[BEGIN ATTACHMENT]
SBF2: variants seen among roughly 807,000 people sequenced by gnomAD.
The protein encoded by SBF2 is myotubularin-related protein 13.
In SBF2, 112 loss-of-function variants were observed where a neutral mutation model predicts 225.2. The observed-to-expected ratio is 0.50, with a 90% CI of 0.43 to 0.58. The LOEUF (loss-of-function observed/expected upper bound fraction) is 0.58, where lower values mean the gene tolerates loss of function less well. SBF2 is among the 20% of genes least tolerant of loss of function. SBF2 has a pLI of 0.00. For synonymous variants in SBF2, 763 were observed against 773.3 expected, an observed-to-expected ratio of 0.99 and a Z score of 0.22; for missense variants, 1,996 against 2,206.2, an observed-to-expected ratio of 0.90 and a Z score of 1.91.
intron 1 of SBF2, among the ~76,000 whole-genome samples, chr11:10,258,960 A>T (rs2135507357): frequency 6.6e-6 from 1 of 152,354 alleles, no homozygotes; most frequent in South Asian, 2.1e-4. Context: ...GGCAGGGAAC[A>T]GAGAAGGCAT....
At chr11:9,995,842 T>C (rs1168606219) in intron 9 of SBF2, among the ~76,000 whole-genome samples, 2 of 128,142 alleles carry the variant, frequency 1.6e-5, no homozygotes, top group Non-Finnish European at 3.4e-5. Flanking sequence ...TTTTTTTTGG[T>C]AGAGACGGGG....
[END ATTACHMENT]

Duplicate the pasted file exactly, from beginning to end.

SBF2: variants seen among roughly 807,000 people sequenced by gnomAD.
The protein encoded by SBF2 is myotubularin-related protein 13.
In SBF2, 112 loss-of-function variants were observed where a neutral mutation model predicts 225.2. The observed-to-expected ratio is 0.50, with a 90% CI of 0.43 to 0.58. The LOEUF (loss-of-function observed/expected upper bound fraction) is 0.58, where lower values mean the gene tolerates loss of function less well. SBF2 is among the 20% of genes least tolerant of loss of function. SBF2 has a pLI of 0.00. For synonymous variants in SBF2, 763 were observed against 773.3 expected, an observed-to-expected ratio of 0.99 and a Z score of 0.22; for missense variants, 1,996 against 2,206.2, an observed-to-expected ratio of 0.90 and a Z score of 1.91.
intron 1 of SBF2, among the ~76,000 whole-genome samples, chr11:10,258,960 A>T (rs2135507357): frequency 6.6e-6 from 1 of 152,354 alleles, no homozygotes; most frequent in South Asian, 2.1e-4. Context: ...GGCAGGGAAC[A>T]GAGAAGGCAT....
At chr11:9,995,842 T>C (rs1168606219) in intron 9 of SBF2, among the ~76,000 whole-genome samples, 2 of 128,142 alleles carry the variant, frequency 1.6e-5, no homozygotes, top group Non-Finnish European at 3.4e-5. Flanking sequence ...TTTTTTTTGG[T>C]AGAGACGGGG....